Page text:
his extinction. –Post-world images alone have
concerned you enough to no longer imagine bone.

…combined with the expectance of Imagining a Body:

With an as yet indefinable movement,
behind each shimmering veil of self;

at the altitude always of a God’s eye,
where the mind it clears, bone recedes,

and all visible flesh it falls away;
a body that no longer clings onto any

precipice,

While creating types to exemplify the post-religious spiritual evolution the modern world is experiencing Stubbs is by no means using the types that the poems represent as closed loops of prediction or analysis, as it were. They seem more like experiential and emotional orbs that probe the future with questions or poetical energetic pulses. In Without Philosophy he questions the role of that arch-displayer of argument and debate; philosophy… and the paradigm of how philosophy should move forward post-Nietzsche and post-Freud (which, if you think about it, has only a thin stream of analytical lineage in poetry)…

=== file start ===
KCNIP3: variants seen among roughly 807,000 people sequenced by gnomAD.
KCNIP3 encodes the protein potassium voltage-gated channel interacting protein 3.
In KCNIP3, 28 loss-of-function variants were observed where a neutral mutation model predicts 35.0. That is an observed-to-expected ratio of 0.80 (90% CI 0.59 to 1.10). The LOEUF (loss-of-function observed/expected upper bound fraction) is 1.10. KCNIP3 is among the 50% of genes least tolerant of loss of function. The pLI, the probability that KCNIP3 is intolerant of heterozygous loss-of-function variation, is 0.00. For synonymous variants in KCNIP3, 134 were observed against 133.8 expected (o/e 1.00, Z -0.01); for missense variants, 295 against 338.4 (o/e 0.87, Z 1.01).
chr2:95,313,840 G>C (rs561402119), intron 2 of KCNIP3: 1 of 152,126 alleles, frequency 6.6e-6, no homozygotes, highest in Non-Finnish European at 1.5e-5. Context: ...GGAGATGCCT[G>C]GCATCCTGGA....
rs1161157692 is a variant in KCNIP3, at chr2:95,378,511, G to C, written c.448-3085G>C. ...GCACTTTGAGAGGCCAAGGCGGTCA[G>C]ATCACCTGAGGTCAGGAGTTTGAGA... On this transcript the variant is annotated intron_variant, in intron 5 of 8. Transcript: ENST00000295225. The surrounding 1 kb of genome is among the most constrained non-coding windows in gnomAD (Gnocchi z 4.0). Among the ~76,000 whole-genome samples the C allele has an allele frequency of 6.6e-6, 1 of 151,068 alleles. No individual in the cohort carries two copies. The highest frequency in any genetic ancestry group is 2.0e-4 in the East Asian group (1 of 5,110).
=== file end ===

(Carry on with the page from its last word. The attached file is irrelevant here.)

[…] ‘being’ itself it is reduced

to no more here than a slogan; sacrilegious

 

and apodictic, the pious they

listen out only for the sound

of Satan’s skeleton shattering

against a wall, for the world


now it can only be an act of semiotic creation,

an impossible message for all those still unable

 

to imagine anything other than

bone;